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For enhanced safety, the front and rear seat shoulder belts of the Audi A5 have pretensioners to tighten the seatbelts and eliminate dangerous slack in the event of a collision and force limiters to limit the pressure the belts will exert on the passengers. The BMW 2 Series doesn’t offer pretensioners for the rear seat belts.
The A5’s pre-crash front seatbelts will tighten automatically in the event the vehicle detects an impending crash, improving protection against injury significantly. The 2 Series doesn’t offer pre-crash pretensioners.
The A5’s standard pretensioning seatbelts also sense rear collisions and remove slack from the seatbelts to help protect the occupants from whiplash and other injuries. The 2 Series doesn’t offer a whiplash protection system.
The Insurance Institute for Highway Safety tests front crash prevention systems. With a score of 6 points, IIHS rates the Pre Sense City in the A5 as “Superior.” The 2 Series scores at most only 4 points and is rated only “Advanced.”
The A5 has standard Secondary Collision Brake Assist, which automatically apply the brakes in the event of a crash to help prevent secondary collisions and prevent further injuries. The 2 Series doesn’t offer a post collision braking system: in the event of a collision that triggers the airbags, more collisions are possible without the protection of airbags that may have already deployed.
To provide maximum traction and stability on all roads, All-Wheel Drive is standard on the A5. But it costs extra on the 2 Series.
The A5 Prestige has a standard Top and Corner View Cameras to allow the driver to see objects all around the vehicle on a screen. The 2 Series only offers a rear monitor and front and rear parking sensors that beep or flash a light. That doesn’t help with obstacles to the sides.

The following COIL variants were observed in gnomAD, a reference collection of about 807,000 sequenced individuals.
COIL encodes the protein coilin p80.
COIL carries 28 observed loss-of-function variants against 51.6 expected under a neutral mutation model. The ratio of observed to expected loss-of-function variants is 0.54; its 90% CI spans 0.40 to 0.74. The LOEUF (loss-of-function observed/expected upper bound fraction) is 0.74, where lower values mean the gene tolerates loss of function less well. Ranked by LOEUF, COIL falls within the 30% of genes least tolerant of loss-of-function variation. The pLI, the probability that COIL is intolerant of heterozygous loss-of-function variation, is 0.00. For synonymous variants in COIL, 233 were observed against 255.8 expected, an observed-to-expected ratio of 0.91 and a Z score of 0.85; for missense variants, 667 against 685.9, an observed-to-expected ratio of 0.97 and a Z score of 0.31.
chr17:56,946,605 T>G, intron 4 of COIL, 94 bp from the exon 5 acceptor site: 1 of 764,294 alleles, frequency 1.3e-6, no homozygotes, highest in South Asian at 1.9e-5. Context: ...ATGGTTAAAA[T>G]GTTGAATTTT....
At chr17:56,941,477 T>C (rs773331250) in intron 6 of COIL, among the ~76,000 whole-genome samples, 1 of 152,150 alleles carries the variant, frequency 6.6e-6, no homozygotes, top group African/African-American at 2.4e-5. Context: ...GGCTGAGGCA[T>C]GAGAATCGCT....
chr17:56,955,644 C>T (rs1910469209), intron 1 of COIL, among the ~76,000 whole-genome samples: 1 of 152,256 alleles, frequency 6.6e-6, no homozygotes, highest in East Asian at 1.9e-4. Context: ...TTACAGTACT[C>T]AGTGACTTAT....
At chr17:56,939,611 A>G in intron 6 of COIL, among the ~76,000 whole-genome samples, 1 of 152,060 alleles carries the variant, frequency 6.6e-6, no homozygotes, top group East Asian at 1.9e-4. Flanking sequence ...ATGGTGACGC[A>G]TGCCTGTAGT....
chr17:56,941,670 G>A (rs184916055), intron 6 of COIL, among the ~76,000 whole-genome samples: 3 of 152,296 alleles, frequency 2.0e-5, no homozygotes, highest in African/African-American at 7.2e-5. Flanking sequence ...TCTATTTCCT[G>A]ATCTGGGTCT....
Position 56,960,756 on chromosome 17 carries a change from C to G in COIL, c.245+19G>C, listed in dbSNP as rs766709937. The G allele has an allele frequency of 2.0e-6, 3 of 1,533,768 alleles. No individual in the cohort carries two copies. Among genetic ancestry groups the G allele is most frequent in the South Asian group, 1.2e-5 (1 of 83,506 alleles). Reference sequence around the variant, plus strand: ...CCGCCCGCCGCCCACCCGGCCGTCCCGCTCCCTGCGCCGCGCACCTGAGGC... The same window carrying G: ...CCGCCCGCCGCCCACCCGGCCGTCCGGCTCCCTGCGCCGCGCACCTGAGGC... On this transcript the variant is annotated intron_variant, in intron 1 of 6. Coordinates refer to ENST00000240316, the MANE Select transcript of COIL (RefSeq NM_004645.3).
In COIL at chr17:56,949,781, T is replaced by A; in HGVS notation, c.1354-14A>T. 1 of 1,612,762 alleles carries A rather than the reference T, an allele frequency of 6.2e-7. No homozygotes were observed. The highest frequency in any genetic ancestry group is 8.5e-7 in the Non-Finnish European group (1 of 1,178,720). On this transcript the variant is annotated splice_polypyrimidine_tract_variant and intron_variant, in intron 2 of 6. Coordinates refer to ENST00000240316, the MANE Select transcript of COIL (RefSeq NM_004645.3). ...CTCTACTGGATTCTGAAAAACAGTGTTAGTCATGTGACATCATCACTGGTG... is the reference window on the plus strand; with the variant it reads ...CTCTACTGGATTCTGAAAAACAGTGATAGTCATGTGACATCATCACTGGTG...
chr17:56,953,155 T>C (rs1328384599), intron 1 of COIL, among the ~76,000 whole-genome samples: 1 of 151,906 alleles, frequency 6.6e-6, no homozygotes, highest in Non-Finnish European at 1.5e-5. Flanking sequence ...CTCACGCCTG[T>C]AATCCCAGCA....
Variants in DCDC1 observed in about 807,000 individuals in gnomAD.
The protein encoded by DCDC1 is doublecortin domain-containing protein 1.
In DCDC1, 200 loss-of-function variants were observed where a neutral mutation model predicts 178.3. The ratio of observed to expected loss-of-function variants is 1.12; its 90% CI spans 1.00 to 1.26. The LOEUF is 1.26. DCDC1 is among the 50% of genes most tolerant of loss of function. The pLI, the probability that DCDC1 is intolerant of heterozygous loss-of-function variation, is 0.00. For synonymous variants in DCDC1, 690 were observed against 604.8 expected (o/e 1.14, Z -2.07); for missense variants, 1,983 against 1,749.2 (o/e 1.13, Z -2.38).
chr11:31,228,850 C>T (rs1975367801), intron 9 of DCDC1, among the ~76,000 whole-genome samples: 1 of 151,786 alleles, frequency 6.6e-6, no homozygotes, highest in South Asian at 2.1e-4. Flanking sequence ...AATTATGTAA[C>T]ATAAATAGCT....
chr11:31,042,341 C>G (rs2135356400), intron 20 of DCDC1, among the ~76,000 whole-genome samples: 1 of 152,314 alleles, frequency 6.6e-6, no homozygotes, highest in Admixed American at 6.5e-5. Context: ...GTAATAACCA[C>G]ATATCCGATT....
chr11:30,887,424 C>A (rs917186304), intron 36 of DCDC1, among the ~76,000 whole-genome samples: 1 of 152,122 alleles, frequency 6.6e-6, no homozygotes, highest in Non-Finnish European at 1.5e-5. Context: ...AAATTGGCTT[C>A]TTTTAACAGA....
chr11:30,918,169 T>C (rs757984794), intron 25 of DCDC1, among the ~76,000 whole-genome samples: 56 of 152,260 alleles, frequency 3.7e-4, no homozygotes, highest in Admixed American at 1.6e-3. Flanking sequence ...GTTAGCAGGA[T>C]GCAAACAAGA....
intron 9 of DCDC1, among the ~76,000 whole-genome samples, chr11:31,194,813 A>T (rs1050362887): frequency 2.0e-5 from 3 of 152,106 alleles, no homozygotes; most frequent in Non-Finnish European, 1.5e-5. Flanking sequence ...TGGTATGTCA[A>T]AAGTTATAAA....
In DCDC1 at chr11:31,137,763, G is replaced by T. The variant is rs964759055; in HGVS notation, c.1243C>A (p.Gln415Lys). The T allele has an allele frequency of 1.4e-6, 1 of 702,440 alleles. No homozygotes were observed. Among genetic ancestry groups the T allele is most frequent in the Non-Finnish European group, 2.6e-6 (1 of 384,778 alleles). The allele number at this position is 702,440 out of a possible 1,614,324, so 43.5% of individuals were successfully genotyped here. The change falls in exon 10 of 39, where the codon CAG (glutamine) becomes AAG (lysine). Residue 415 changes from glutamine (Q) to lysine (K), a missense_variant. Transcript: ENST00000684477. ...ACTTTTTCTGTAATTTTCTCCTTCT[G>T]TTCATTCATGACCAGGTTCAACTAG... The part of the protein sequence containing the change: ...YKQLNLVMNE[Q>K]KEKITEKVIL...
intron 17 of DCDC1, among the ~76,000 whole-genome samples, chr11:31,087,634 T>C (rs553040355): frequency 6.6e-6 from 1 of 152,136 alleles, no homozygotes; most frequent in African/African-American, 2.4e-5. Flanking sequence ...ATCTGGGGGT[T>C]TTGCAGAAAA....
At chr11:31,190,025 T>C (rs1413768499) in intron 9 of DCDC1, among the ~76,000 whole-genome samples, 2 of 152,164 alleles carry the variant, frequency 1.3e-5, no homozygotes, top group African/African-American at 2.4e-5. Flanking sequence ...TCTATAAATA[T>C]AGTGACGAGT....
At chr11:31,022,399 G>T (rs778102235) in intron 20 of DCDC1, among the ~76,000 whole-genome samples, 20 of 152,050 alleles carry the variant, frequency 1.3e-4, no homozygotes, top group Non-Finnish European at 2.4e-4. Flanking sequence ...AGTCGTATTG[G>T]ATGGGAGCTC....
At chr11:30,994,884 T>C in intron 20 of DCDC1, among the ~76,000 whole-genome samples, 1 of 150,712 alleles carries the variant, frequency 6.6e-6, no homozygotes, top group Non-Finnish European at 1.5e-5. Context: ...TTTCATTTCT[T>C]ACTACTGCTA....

The A5’s optional blind spot warning system uses digital cameras monitored by computer to alert the driver to moving objects in the vehicle’s blind spots where the side view mirrors don’t reveal them. The 2 Series doesn’t offer a system to reveal objects in the driver’s blind spots.
To help make backing safer, the A5’s optional cross-path warning system uses wide-angle radar in the rear bumper to alert the driver to vehicles approaching from the side, helping the driver avoid collisions. The 2 Series doesn’t offer a cross-path warning system.
Both the A5 and the 2 Series have standard driver and passenger frontal airbags, front side-impact airbags, driver and front passenger knee airbags, side-impact head airbags, plastic fuel tanks, four-wheel antilock brakes, traction control, electronic stability systems to prevent skidding, daytime running lights, rearview cameras and available lane departure warning systems.
The Audi A5’s engine uses a cast iron block for durability, while the 2 Series’ engines use an aluminum block. Aluminum engine blocks are much more prone to warp and crack at high temperatures than cast iron.
From surveys of all its subscribers, Consumer Reports’ December 2018 Auto Issue reports that Audi vehicles are more reliable than BMW vehicles. Consumer Reports ranks Audi 1 place higher in reliability than BMW.
The A5’s 2.0 turbo 4 cyl. produces 15 lbs.-ft. more torque (273 vs. 258) than the 230i’s standard 2.0 turbo 4 cyl.
To lower fuel costs and make buying fuel easier, the Audi A5 uses regular unleaded gasoline (premium recommended for maximum performance). The 2 Series requires premium, which can cost 20 to 55 cents more per gallon.
The A5 has 1.6 gallons more fuel capacity than the 2 Series (15.3 vs. 13.7 gallons), for longer range between fill-ups.
The A5 offers a standard sequential manual gearbox (SMG). With no clutch pedal to worry about and a fully automatic mode, an SMG is much more efficient than a conventional automatic but just as easy to drive. The 2 Series doesn’t offer an SMG.